Dr. Arvind Chandrakantan wrote: "I had the opportunity to work with Elvin Aguilar, CRNA yesterday on an emergent infant. He did an excellent job and the attention to detail was exceptional. Infants and neonates are not necessarily harder to care for, just require more fastidious attention to very minor details. There was some multi-step troubleshooting in this case and Elvin was up to the task. It was nice to know I had a competent clinician who cared both clinically and morally for the patient."
   Dr. Ruchir Gupta has been chosen to be a Section Editor for the journal Perioperative Medicine.

   Dr. Kevin Dincher, Chief Resident in Dental Anesthesiology gave a comprehensive presentation before the New York State Education Department, Board for Dentistry meeting on "Opioid Abuse 2016." This presentation was a variation of the presentation Dr. Dincher gave before Grand Rounds for the Department. Dr. Dincher's presentation was very informative and extremely well received by the "Board."
John Fallon, CRNA
   Welcome to Valerie Redmond, CRNA. Most of us remember Valerie as our Columbia student and daughter of the illustrious Marty Redmond. Well she's back. She graduated and is now with us full time. Please join me in giving her a warm welcome to the Department of Anesthesiology.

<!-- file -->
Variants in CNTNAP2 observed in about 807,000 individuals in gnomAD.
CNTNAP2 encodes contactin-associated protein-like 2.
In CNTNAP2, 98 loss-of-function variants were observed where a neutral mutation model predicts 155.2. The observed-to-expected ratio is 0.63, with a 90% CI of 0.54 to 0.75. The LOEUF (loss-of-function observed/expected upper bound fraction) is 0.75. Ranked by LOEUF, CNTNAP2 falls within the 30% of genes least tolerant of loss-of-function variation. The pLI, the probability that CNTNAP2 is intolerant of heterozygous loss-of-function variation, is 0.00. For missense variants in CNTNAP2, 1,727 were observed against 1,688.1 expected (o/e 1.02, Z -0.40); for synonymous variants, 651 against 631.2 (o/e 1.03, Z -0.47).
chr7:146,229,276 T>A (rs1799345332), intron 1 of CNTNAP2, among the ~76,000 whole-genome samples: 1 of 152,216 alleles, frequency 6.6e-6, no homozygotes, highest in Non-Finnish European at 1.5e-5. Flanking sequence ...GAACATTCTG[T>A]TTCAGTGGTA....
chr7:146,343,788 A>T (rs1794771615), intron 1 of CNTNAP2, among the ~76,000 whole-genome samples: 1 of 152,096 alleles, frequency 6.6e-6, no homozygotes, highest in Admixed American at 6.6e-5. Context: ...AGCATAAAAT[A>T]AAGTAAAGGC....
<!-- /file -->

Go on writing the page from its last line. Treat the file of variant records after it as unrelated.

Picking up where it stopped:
Carolyn Malhotra, CRNA, her husband Chet and big sister Grace Noelle welcomed their new baby daughter/sister, Brooke Elisa on Dec 29.

   Dr. and Mrs. T.J. Gan's second daughter, Sophie, a senior at Washington University, was honored at the school's swimming team banquet last month. She broke the Washington University swimming records for 100 yd breaststroke and 200 yd breaststroke and earned the College Swimming Coaches Association of America (CSCAA) Scholar All-Americans honors. Sophie's parents are understandably quite proud of her!
Figure from Gupta & Gan
   I spent a few weeks last month in India attending conferences and workshops and spending some quality time with family and friends. I presented our work on drug discovery related to osteoporosis at the "New Challenges of Chemistry in Biomedical Research" conference. The interplay of computing and electronics to effectively use biomarker detection devices for diagnosis and prognosis was my topic at the "International Conference on Computer and Electronics Engineering". The workshops I presented concerned the commercial path that medical products travel before they are used by health-care providers and patients, and how to discuss careers in biomedical sciences with students and faculty.